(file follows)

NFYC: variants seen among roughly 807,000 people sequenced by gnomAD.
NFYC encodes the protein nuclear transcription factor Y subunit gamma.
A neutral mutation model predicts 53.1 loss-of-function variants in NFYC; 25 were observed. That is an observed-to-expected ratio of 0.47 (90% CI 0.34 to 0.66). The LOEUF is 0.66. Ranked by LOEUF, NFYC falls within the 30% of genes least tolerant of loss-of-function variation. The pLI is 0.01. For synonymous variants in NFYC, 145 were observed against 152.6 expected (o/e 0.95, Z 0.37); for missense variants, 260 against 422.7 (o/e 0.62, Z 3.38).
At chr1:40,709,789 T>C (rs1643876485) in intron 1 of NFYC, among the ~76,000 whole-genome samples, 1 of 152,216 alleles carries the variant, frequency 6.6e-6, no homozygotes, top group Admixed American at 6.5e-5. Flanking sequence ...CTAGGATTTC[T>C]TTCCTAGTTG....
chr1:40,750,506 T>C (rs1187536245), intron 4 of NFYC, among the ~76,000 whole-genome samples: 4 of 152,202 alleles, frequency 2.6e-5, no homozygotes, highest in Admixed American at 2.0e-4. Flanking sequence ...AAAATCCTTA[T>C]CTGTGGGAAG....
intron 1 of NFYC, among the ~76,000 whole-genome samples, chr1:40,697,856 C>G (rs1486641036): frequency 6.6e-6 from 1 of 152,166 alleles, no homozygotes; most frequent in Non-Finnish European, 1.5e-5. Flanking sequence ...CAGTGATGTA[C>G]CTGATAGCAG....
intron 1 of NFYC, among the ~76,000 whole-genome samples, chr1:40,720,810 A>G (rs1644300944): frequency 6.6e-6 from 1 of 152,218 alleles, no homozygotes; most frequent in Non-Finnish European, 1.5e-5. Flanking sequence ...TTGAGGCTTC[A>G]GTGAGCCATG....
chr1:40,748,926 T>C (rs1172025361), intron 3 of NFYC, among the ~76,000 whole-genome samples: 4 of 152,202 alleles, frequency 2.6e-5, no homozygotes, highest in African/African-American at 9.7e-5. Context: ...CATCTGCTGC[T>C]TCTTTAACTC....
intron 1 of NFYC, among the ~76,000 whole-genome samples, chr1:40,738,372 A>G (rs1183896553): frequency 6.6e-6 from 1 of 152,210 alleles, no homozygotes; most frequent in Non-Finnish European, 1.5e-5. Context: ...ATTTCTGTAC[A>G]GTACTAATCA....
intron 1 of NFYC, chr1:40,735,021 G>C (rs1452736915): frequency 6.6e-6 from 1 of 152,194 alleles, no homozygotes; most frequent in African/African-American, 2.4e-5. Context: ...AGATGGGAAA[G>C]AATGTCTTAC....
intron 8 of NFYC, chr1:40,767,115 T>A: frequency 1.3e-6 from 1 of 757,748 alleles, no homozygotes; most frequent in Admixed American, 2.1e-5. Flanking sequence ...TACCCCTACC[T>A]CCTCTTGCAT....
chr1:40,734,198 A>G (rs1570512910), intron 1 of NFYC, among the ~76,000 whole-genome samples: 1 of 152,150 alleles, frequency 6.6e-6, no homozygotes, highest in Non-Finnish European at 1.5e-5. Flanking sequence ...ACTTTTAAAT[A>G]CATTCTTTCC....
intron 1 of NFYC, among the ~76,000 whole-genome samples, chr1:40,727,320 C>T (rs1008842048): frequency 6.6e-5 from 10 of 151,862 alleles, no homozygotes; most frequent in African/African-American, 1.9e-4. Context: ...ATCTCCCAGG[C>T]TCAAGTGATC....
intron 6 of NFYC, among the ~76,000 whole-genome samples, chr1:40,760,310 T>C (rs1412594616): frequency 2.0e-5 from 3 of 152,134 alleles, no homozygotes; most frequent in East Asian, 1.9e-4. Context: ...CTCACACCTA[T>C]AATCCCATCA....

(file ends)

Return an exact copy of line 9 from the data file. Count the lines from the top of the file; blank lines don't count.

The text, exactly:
intron 1 of NFYC, among the ~76,000 whole-genome samples, chr1:40,738,372 A>G (rs1183896553): frequency 6.6e-6 from 1 of 152,210 alleles, no homozygotes; most frequent in Non-Finnish European, 1.5e-5. Context: ...ATTTCTGTAC[A>G]GTACTAATCA....